Matthew 1.1

The genealogy of Jesus the Messiah, the son of David, the son of Abraham.

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9 responses

  1. Interesting. It will take some time to get through Matthew at this rate!

    However, it did force a look at the original text: Βίβλος γενέσεως Ἰησοῦ χριστοῦ υἱοῦ Δαυὶδ υἱοῦ Ἀβραάμ. Fairly literally, “Book of the source/origin of Jesus Christ son of David son of Abraham.” There are no definite articles anywhere to be seen (though that does not mean as much as in English), so a possible reading would be “The book of the origin of Jesus Christ, a descendant of David who was a descendant of Abraham.” Unless, of course, the last two clauses are parallel and not sequential, in which case the “who was” should be replaced by an “and”.

    I notice you dropped any reference to “book”: do you take “Βίβλος γενέσεως” to be a compound meaning “genealogy”?

    1. Okay, “book” might mean they had some sort of document listing these names? Obviously the whole of Matthew isn’t about Jesus’ genealogy, so ‘book of the genealogy’ must mean something more like ‘an account of’, yes?

  2. One other quick thought: It is interesting that the New Testament also begins with the “Book of genesis”.

    1. [Sorry I’ve been a bit inert these days, meant to reply sooner…] Whoever wrote this probably wasn’t thinking “I’m going to write an new Bible,” but what this is saying [I think] is: This man Jesus we’re talking about is 1) in the right family line to be the Messiah and 2) Jewish. Then he gives an ancestry to ‘document’ these claims. The question that comes to my mind: ‘Why does he need to say this?’

      1. I agree, I wasn’t suggesting this was done deliberately, just an interesting oddity (well, at least from man’s perspective).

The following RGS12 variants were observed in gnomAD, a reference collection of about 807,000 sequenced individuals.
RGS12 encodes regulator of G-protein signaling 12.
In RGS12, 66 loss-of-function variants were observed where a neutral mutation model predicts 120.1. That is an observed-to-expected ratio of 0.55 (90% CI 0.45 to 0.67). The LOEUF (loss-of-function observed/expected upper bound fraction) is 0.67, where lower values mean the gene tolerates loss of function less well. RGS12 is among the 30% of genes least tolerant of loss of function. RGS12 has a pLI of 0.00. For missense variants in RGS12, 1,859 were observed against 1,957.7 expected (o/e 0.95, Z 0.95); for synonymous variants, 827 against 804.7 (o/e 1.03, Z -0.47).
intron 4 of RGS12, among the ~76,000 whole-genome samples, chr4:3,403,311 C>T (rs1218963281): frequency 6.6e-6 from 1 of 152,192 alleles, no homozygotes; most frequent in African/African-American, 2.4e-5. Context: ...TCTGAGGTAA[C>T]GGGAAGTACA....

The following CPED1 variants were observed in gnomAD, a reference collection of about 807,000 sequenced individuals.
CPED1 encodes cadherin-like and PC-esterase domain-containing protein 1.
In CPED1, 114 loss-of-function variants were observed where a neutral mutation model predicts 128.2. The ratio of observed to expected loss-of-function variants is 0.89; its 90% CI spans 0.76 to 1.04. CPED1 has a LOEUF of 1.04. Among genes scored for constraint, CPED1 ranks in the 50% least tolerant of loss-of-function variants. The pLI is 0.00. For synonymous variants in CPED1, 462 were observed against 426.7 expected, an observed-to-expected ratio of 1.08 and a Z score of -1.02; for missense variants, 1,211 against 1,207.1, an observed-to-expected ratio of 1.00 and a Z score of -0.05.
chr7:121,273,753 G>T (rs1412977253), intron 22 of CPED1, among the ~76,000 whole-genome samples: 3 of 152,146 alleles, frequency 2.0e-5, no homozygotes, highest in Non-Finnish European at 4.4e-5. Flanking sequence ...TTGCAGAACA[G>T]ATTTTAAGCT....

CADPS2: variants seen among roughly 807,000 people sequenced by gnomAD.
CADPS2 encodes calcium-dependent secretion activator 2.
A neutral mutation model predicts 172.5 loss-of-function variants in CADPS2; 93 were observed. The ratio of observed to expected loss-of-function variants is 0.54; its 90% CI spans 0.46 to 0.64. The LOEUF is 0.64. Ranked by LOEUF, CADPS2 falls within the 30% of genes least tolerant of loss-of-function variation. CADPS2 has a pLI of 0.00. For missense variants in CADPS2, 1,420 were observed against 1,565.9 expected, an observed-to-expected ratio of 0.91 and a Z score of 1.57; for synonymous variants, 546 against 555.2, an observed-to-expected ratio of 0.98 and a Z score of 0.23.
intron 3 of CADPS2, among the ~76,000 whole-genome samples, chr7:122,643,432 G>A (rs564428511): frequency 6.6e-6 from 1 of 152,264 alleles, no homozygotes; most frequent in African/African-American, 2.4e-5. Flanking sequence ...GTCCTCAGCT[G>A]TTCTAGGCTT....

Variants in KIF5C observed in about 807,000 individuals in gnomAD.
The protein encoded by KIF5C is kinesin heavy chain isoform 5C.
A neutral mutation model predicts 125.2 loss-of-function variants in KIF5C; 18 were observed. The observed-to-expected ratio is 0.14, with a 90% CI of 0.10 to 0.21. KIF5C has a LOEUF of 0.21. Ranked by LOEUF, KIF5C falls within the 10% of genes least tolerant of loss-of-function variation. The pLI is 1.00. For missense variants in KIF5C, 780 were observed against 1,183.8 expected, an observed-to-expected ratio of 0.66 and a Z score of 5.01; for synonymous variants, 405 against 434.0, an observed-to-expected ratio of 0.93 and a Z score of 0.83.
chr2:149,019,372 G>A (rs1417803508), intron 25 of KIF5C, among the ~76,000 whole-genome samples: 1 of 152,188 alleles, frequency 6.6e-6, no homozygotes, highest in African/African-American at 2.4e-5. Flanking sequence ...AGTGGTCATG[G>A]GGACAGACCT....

As for why the genealogy is here, I think your observations above are right. Matthew (simpler to use than “whoever wrote this book” so long as we understand we do not, or at least may not, mean the apostle) needs his readers to know this, is that because such an opening is expected in such books by the larger Roman world (a reason I have seen posited for Luke’s inclusion of one) or because he is writing for a predominantly Judean-Christian audience?

        1. If my conjecture [next post] has anything to it, he’d be writing for sympathetic (“god-fearing”) pagans wanting to be reassured that this was “real” Judaism he was preaching…? Because that’s one pretty plausible answer to “Why were the apostles preaching in synagogues & making converts among the gentiles?” — that this was where one could find people intrigued by Judaism Lite, but not quite ready to whack off bits just to belong. [a significant point to Paul, with his interest in recruiting from this population.]

  3. I would tend to read “son” here as “heir”. Son of David=Heir to David (i.e., King of Israel/King of the Jews). Son of Abraham=Heir to the promise(s) of Abraham/Heir of Abraham. Child of Israel.

    1. Yes…

      Should we be going through all those names next? — or skip?

      1. We’re back in the game again!
        Personally I find the geneology stuff dull–but obviously it was important to Matt. Whatever you think is fine by me.

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